When quitting smoking every person’s journey is different but there are some common things to expect
Those who choose alternatives like vaping can steadily reduce their nicotine intake to manage withdrawal symptoms
There are still behaviours to avoid if doing this such as over-vaping, so take care to avoid these
Always consult a medical professional like your GP before embarking on a quitting journey to ensure it is suited to your individual needs.
Nicotine reduction can take many forms. Some choose to go cold-turkey from smoking, which can be very challenging although not impossible! Others might seek alternatives to help wean them off their reliance on nicotine such as nicotine replacement therapy (NRT) like patches, gums, or the newer alternative, vaping.
However you choose to approach the journey, there are some things to keep in mind when reducing your nicotine consumption. Ultimately nicotine is an addictive substance, and while everybody is different, and will experience different things during cessation, nicotine withdrawal is well worth being prepared for. You can learn more about our relationship with nicotine in our guide Nicotine and health.
Aside from nicotine there are other factors to consider that will be impacted by the way you choose to begin a cessation journey. Even if you don’t choose vaping as an alternative, as an ex-smoker your body will undergo changes that are worth taking note of before starting that journey.
In this blog will explore the process of nicotine and smoking cessation according to information from the NHS, Bupa, and Action on Smoking and health (ASH). You can explore the source material by clicking the links in the content below or our source list at the end of the article.
We will also explore what it is like to reduce nicotine strengths as a vaper, which we will be based upon our own experience as a vaping company with many staff members who have transitioned from smoking to vaping, and also using the experience of real people who shared their success stories of quitting/reduction with EDGE vaping products.
A Typical Timeline After Quitting Smoking
As a smoker who has quit, there is a typical timeline to observe, along which you can expect certain changes to take place within your body. These changes are not universal however, and it’s important when reading this to remember that each person will go through their own version of a quitting journey.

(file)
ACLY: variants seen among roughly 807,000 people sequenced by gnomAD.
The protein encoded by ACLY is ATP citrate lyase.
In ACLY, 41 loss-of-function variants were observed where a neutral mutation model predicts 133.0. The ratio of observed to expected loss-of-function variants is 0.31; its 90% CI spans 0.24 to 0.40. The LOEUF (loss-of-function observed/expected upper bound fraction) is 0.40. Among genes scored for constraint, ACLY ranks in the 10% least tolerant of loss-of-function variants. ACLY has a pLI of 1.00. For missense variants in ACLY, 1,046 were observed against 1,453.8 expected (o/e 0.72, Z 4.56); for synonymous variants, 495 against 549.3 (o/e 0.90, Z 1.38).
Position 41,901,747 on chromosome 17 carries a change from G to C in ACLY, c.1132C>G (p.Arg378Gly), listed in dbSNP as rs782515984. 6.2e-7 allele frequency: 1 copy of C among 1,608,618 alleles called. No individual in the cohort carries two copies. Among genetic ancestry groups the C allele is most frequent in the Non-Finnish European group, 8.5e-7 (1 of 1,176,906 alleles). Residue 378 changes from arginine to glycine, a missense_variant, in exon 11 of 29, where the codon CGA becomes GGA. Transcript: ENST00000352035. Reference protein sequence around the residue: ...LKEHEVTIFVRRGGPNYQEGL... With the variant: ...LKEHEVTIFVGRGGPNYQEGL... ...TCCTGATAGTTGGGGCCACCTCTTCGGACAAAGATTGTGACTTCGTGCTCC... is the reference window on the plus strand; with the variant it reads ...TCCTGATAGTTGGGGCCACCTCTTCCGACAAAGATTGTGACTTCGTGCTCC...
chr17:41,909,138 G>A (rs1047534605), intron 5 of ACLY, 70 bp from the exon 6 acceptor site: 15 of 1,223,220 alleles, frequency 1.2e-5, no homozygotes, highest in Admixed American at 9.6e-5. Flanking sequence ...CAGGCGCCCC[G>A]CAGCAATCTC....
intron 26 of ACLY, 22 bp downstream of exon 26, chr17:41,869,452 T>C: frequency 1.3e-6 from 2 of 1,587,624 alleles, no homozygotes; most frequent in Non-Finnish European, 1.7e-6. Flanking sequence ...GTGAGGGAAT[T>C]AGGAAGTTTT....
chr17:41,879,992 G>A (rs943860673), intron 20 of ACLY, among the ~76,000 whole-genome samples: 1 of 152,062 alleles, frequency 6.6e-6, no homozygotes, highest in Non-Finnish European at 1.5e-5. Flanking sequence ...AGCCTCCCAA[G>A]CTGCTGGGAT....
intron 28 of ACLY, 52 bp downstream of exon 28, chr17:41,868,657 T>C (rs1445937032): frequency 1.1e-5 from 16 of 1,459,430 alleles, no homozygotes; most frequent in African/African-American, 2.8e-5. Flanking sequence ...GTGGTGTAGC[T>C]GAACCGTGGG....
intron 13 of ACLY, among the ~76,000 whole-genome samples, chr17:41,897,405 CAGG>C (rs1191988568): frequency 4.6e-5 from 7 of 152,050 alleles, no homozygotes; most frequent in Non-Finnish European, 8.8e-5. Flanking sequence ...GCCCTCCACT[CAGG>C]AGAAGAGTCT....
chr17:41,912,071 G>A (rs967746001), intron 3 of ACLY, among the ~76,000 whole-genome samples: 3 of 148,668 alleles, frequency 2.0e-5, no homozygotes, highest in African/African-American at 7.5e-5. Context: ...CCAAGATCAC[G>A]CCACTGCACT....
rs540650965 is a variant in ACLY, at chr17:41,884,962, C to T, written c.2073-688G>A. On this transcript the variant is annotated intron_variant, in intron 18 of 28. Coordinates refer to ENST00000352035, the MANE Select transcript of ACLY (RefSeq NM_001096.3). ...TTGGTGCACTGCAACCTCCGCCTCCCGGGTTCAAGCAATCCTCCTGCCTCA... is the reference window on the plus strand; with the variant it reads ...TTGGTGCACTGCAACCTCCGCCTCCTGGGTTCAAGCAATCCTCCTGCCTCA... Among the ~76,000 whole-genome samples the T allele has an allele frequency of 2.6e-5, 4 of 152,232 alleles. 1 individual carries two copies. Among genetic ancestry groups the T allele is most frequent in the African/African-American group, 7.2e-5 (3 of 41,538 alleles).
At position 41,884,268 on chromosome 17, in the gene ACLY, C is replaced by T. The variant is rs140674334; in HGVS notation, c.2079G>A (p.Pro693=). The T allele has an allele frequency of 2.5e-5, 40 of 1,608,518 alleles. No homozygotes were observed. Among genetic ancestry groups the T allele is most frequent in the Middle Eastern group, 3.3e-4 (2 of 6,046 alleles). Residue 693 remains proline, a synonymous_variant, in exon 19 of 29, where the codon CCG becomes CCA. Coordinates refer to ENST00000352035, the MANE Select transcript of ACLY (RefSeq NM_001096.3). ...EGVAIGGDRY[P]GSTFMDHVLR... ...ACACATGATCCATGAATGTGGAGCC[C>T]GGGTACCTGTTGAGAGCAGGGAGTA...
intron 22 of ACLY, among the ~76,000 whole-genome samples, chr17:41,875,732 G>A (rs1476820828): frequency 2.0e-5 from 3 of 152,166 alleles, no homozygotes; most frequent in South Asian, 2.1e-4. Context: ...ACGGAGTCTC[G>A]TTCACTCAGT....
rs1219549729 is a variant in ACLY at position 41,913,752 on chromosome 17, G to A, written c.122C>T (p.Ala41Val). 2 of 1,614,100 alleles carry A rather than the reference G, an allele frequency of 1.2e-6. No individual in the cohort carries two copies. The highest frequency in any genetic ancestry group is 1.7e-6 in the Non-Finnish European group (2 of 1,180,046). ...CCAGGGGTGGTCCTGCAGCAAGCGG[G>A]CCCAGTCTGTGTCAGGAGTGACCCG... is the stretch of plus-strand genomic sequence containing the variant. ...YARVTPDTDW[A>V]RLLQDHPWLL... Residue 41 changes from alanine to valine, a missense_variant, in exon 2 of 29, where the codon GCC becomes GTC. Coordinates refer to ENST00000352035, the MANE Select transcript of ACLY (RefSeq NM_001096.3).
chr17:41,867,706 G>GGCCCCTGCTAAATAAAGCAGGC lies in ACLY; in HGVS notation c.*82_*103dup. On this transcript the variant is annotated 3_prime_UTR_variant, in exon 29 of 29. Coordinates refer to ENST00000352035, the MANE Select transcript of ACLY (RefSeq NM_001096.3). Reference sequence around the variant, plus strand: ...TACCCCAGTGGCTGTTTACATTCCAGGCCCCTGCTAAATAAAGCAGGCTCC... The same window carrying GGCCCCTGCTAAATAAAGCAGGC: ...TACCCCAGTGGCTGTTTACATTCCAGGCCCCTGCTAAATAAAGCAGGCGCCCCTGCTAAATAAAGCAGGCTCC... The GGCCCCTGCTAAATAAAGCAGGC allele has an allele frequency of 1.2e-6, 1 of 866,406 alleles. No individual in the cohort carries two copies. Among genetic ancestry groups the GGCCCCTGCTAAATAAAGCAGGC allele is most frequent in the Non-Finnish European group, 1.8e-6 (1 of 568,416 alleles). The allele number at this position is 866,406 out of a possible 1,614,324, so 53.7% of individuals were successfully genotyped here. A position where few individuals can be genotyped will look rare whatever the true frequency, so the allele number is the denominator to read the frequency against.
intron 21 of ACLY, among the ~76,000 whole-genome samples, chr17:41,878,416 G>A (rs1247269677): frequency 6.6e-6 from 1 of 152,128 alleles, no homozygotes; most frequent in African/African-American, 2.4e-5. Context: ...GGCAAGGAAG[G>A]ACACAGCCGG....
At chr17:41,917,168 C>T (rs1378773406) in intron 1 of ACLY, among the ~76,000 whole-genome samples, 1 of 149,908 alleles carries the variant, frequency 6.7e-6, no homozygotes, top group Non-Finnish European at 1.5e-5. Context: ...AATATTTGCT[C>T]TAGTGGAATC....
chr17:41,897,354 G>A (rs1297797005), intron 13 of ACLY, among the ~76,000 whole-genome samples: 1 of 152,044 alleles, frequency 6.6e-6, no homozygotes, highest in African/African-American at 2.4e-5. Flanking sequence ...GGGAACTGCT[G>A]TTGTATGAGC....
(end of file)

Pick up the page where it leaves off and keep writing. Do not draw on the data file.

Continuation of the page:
The NHS tells us that once you quit smoking, you can expect the following changes. The method by which you quit (cold-turkey, vaping, NRT, etc…) can of course influence this, so this should be treated as a general guide only.
After 20 minutes
After only 20 minutes after abstaining from smoking your pulse rate will drop back down to a normal level.
After 8 hours
8 hours in you can expect your body’s oxygen levels to be recovering, and the level of carbon monoxide in your blood will have halved.
After 48 hours
By now all the carbon monoxide in your blood should have been flushed out. You may notice a chesty cough for a short while, but this is because your lungs will be clearing out mucus. Your sense of taste and smell will also be bouncing back.
After 72 hours
You might notice breathing has become easier, this is because by now, your bronchial tubes have relaxed. As a bonus, your energy levels should be increasing too.
After 2 to 12 weeks
Your circulation will have improved a lot, meaning blood is pumping to your heart and muscles much more easily.
After 3 to 9 months
You should notice any coughing, wheezing, or other breathing difficulties will be improving as your lungs function increases by around 10%.
After 1 year
Your risk of a heart attack is now half as much as a current smoker’s.
After 10 years